Members of the graduating class of 2022 receiving master's degrees in Healthcare Management. Back row from left: Dr. Ray Alvarez, College of Business and Aviation Interim Dean Rebecca Giorcelli, Valerie Barber, Susan McManus, Danelle Conaway, Jeanette Shannon, Debbie Stahl, Sandra Martin and Interim Provost Tim Oxley. Front row from left: Madison Beverlin, Heather Hall, Sarah Scott, and Stacy Reel.

Ten area women receive master’s degrees in healthcare management

Fairmont State University awarded master’s degrees in Healthcare Management (MHCM) to ten area women during Saturday’s Commencement exercises. In a career field dominated by men, the women represent the largest class of graduates from the program to date.

“The MHCM program began officially in 2020,” explained Dr. Raymond Alvarez, director of Graduate Programs for the College of Business & Aviation (CoBA).  “Fairmont State has now awarded 16 graduate degrees and 2 graduate certificates.”

In speaking with Fairmont State Interim President Dianna Phillips, she pointed out that less than 15 percent of executive leadership positions in the healthcare industry are held by women. 

“However, these 10 women are helping to change that statistic as our master’s degree program continues to grow,” said Phillips. 

November 2022 graduates included Valerie Barber, Madison Beverlin, Danelle Conaway, Heather Hall, Sandra Martin, Susan McManus, Stacy Reel, Sarah Scott, Jeanette Shannon and Debbie Stahl.  All attended the fall Commencement.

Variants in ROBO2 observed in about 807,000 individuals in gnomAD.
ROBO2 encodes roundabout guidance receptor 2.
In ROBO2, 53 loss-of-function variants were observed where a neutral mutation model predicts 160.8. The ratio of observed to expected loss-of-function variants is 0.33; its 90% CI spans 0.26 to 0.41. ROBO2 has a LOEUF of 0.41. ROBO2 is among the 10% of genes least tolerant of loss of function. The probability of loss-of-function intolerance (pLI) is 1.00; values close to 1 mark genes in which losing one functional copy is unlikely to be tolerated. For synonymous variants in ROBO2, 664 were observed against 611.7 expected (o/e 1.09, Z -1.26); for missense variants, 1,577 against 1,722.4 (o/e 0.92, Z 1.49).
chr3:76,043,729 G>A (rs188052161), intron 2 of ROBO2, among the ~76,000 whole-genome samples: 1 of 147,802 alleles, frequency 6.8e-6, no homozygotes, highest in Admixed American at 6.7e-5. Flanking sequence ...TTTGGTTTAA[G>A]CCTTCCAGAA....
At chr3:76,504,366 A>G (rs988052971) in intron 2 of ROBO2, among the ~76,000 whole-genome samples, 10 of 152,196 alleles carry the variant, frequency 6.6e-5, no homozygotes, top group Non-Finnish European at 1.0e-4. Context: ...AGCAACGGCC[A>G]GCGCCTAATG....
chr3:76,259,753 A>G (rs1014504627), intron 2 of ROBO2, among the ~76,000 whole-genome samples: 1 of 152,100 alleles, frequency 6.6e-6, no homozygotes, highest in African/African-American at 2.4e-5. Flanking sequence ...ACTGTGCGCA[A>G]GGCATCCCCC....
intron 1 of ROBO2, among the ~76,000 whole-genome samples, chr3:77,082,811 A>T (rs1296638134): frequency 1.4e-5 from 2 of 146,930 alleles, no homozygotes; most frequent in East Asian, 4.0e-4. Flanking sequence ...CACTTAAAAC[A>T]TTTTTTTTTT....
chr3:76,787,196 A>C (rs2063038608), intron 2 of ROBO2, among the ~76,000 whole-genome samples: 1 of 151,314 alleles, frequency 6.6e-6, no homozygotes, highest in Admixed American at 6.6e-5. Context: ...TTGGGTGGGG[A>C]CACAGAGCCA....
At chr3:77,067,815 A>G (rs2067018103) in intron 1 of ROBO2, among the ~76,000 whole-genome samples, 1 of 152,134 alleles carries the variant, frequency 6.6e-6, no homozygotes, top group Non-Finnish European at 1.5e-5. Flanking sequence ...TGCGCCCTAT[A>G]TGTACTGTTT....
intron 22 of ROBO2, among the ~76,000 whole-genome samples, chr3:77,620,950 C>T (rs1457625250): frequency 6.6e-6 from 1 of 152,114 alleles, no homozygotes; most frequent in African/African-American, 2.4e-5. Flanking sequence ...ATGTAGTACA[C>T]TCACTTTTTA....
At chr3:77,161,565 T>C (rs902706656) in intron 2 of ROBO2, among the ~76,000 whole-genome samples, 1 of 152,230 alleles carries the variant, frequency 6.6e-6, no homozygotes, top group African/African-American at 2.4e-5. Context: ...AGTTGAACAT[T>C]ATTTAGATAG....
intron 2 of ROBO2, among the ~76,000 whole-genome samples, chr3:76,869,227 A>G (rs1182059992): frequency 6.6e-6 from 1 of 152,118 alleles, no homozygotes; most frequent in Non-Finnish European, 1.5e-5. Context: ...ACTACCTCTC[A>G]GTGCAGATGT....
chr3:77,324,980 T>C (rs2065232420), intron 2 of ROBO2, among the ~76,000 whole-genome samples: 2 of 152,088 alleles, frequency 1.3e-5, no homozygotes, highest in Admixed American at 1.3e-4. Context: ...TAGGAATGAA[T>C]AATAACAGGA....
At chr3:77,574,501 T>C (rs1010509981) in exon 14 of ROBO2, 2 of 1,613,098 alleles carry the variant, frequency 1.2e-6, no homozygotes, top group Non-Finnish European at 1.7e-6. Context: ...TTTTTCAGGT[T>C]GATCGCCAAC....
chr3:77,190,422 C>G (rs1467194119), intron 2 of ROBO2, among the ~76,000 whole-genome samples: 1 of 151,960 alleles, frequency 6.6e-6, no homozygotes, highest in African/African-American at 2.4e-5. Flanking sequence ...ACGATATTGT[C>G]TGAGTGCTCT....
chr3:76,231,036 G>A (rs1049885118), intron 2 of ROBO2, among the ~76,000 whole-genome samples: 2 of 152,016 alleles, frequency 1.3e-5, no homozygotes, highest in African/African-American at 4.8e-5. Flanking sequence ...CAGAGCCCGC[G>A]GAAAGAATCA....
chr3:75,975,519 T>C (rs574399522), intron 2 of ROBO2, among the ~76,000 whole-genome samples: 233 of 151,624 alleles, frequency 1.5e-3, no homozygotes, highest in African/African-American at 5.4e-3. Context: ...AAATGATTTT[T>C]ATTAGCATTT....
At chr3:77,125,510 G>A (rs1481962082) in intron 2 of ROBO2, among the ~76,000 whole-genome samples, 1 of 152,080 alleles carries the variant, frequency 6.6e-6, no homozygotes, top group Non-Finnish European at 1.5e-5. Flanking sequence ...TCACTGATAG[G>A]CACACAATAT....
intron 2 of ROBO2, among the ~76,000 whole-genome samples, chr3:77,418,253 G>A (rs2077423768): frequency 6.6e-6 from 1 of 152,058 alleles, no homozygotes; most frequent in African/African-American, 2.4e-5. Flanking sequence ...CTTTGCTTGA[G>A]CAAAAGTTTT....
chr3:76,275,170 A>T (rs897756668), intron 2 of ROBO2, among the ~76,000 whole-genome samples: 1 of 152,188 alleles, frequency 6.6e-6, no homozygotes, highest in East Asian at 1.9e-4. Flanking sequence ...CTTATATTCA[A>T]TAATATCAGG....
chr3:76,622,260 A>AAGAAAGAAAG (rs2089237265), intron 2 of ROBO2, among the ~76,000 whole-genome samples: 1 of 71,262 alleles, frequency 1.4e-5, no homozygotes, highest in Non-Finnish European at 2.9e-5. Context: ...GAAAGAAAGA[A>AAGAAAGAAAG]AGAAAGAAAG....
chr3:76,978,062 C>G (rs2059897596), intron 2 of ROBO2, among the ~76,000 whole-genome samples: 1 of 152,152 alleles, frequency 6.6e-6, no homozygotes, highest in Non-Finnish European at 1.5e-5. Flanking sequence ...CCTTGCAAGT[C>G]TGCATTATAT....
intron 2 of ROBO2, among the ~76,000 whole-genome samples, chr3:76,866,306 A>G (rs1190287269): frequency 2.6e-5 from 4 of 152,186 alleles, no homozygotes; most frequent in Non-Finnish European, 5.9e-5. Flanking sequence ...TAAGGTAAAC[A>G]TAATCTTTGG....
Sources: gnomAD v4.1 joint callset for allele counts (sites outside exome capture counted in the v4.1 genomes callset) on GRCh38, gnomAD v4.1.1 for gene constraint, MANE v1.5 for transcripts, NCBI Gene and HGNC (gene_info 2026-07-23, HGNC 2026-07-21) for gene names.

“All of these women have families, full-time jobs and other responsibilities, but completed the rigorous program,” Alvarez pointed out.  “They represent professional roles such as nursing, therapy and case management.  Others are employed in practice management, physician recruiting, child advocacy, post-acute care delivery, and nursing home administration. One strength of our program is the healthcare expertise students bring with them.”

The MHCM program is 100 percent online, designed to help the working professional or student address ever-changing healthcare industry issues, such as population health, quality of care, portability and safeguarding information, stewardship of user resources for effective care management, process improvement and ensuring that community access to care includes essential services and technology.

“Healthcare needs leaders who understand how care delivery is transforming through technological advancements and quality outcomes that propel the organization forward. That’s why this program is relevant to career growth,” Alvarez said.  For more information about the program visit

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